Current Italian government and politicians are leading the war to free-speech. Recently Franco Frattini – EU Commissioner – publicly advocated the need of a filter on words used online, with the usual “terrorism excuse”. Here is the commentary published on the EDRI online magazine written by Giancarlo Livraghi on behalf of ALCEI. Continue reading ““Frattinising” isn’t the only threat”
Here we are. Words are spreading that EU will push to enforce “censorship on words”. On 10 Sept., 2007 Reuters quoted a statement made by EU Commissioner Franco Frattini (Italian, sadly) who claimed:
«I do intend to carry out a clear exploring exercise with the private sector … on how it may be possible to use technology to prevent people from using or searching dangerous words like bomb, kill, genocide or terrorism».
I can think of no better comment on that, but the one made by ALCEI:
Mr. Frattini’s suggestion is unacceptable, extremely dangerous and a serious threat against free speech. The “internet-teaches-how-to-make bombs” nonsense has been around since the net’s early years. Along with “copyright infringements” and misrepresented child protection urges – as ALCEI denounced over ten years ago. The “internet-bomb” issue has always been one of the excuses to invoke censorship and repression.
It is obvious – and largely proven by facts – that “filtering” or “prohibiting” words or concepts is totally useless against criminals, while it turns into a weapon to kill freedom of information and expression. Preventing all citizens from discussing controversial topics doesn’t reduce violence, murder or terrorism.
Peter Fleischer’s answer (Google’s Global Privacy Counsel) – as quoted by the Italian newspaper Repubblica.it – is not less concerning:
“There are a lot of reason why sombody might want to search on the Internet a word like “genocide”, for teaching purposes, say. According to Fleischer, the problem is to prevent some information to be released on line – such the bomb-making-how-to”. “But if a page is no the web” – he said – “Google must be allowed to search for it” (Translation from Italian by Andrea Monti. Please check the link above for the original text.)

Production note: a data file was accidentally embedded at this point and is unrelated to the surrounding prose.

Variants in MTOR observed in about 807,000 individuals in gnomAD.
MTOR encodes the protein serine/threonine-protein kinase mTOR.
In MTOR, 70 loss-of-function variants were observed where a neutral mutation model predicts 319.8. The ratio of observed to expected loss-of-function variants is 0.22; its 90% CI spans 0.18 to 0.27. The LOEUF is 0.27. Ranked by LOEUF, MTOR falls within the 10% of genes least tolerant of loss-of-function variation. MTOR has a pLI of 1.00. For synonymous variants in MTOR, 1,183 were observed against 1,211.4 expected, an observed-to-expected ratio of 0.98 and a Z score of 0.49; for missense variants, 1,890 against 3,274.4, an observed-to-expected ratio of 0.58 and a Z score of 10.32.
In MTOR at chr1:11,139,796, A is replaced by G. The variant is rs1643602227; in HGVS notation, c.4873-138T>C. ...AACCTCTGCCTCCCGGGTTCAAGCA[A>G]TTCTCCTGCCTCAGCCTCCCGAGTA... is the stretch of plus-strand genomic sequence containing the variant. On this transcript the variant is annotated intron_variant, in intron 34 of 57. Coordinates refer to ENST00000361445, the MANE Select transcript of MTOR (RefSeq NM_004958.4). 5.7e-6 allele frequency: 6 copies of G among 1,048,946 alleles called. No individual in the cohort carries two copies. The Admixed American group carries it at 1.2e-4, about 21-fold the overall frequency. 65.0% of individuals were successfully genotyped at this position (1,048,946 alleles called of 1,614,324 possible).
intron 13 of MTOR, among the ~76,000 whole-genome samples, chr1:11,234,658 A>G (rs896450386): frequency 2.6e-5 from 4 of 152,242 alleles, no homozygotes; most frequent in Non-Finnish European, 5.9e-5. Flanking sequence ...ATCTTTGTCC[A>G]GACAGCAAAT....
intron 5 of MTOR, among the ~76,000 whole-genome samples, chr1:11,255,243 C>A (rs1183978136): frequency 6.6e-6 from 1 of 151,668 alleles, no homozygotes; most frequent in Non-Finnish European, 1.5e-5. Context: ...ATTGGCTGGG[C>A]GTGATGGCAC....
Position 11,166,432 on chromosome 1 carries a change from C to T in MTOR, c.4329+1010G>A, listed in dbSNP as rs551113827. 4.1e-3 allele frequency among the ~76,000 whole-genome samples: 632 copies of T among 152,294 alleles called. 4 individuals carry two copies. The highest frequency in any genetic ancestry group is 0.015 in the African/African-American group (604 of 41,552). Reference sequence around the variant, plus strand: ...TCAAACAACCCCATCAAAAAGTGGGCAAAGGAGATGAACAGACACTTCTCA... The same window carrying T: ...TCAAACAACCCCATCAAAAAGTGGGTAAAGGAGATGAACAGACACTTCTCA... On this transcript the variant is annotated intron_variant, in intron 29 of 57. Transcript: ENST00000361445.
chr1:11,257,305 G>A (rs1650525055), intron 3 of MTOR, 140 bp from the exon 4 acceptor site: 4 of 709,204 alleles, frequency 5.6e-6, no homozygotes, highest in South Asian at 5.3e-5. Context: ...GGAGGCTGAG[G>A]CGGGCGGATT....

It seems that Google might cope with censorship, as soon as the net is not affected.
Am I wrong?
Rumors say that mr. Bersani (DS) currenty Minister of economic growth, is pushing to make “certified e-mail” use mandatory for companies and professionals. Confirmation came when the Parliament rejected – de facto – the proposal, by making certified e-mail usage an option thanks to an amendment proposed by a leftist MP, Maurizio Acerbo (Rifondazione Comunista).
“Certified e-mail” (a borbonic and bureaucratic tech-crap) is a method to give “legal value” and “certain timestamp” to an e-mail message. There are plenty of ways to achieve this result with a minimum economic and technical effort, but Italy choose the opposite.
Should Mr. Bersani atteimpt be succesful, it would have been an EU forbidden State’s support to private companies since only a couple or so of big entities (namely Postecom and Infocamere) would have had substantial benefit from an artificially created market-niche.
Here is (Italian only) the Parliament session trascription addressing the issue.
On Feb. 22, 2007 Francesco Rutelli, Italian minister for cultural assets and Prime Minister’s “number two” proudly announced www.italia.it launch. The website – costing approx 45 MILLIONS Euro – has been presentend by politicians (including Ermete Realacci, the head of Legambiente – the biggest environmental NGO and environmental political lobby in Italy) as a true “giant step” in promoting Italy “image” around the world.
On Jan. 1, 07 the Italian Domain Name Registry set up new rules for Maintainers (ISP’s allowed to sell .it domains). The new “standard agreement” was supposed to bring some order into the former legal mess that ruled the matter (just to name one among the many: in the past TEN YEARS neither the Registry, nor the Data Protection Authority ever handled the WHOIS personal data access problem.); but it seems that a chance has been missed again.
The agreement is, basically, a way to shift any legal liability over the Maintainer’s shoulder, while letting the Registry free of substantive burdens. Further more, the agreement perpetuates the misunderstanding about the “domain ownership” meaning. The Registry – so the agreement says – is the OWNER of the domain that is just USED by the registrant… I really wonder whether Microsoft, IBM, Coca-Cola etc. are actually aware that they don’t own their business name… in Italy, at least.